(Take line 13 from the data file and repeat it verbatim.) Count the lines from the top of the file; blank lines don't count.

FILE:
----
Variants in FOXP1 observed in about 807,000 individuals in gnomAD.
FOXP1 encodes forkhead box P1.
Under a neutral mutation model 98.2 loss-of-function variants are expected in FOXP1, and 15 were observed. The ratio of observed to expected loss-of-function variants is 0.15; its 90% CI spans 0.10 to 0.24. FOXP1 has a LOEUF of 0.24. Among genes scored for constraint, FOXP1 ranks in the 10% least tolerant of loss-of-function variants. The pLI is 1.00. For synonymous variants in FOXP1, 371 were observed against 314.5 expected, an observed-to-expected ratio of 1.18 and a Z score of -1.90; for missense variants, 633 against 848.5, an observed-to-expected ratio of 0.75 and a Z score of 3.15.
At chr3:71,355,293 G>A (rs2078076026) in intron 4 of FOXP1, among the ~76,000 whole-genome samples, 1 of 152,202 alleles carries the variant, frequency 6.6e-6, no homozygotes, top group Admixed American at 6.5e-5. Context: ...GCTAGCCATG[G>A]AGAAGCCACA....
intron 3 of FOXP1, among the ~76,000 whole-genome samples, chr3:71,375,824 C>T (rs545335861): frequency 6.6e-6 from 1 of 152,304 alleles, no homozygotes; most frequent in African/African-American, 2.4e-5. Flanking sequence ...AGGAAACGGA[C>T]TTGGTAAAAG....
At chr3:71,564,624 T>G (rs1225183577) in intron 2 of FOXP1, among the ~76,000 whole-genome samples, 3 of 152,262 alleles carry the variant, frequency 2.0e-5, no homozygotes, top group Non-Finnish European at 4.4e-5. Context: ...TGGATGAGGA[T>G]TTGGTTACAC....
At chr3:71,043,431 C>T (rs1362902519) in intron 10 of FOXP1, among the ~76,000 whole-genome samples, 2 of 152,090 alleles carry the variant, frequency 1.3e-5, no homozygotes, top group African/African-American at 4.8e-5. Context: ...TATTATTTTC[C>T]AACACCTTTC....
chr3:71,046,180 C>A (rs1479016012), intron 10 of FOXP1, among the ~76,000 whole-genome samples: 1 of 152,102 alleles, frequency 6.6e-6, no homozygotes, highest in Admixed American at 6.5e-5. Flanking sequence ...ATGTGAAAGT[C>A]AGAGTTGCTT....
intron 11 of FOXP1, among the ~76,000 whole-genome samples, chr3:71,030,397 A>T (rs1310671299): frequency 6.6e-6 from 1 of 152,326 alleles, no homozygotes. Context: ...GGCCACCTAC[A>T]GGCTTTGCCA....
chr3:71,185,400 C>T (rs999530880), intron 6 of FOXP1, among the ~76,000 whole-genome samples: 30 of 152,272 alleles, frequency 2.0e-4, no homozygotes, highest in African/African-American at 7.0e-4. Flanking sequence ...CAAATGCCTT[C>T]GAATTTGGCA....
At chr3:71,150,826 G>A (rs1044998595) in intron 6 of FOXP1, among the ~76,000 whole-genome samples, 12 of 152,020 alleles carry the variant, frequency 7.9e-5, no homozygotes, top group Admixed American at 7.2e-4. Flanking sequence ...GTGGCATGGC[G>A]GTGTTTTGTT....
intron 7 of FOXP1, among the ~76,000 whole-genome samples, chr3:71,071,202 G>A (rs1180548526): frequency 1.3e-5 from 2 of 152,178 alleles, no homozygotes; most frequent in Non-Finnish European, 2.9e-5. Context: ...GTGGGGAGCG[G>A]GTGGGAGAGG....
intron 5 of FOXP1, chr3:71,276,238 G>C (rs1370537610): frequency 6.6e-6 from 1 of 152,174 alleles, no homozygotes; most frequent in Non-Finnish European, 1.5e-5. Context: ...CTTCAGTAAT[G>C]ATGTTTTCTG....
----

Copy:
intron 5 of FOXP1, chr3:71,276,238 G>C (rs1370537610): frequency 6.6e-6 from 1 of 152,174 alleles, no homozygotes; most frequent in Non-Finnish European, 1.5e-5. Context: ...CTTCAGTAAT[G>C]ATGTTTTCTG....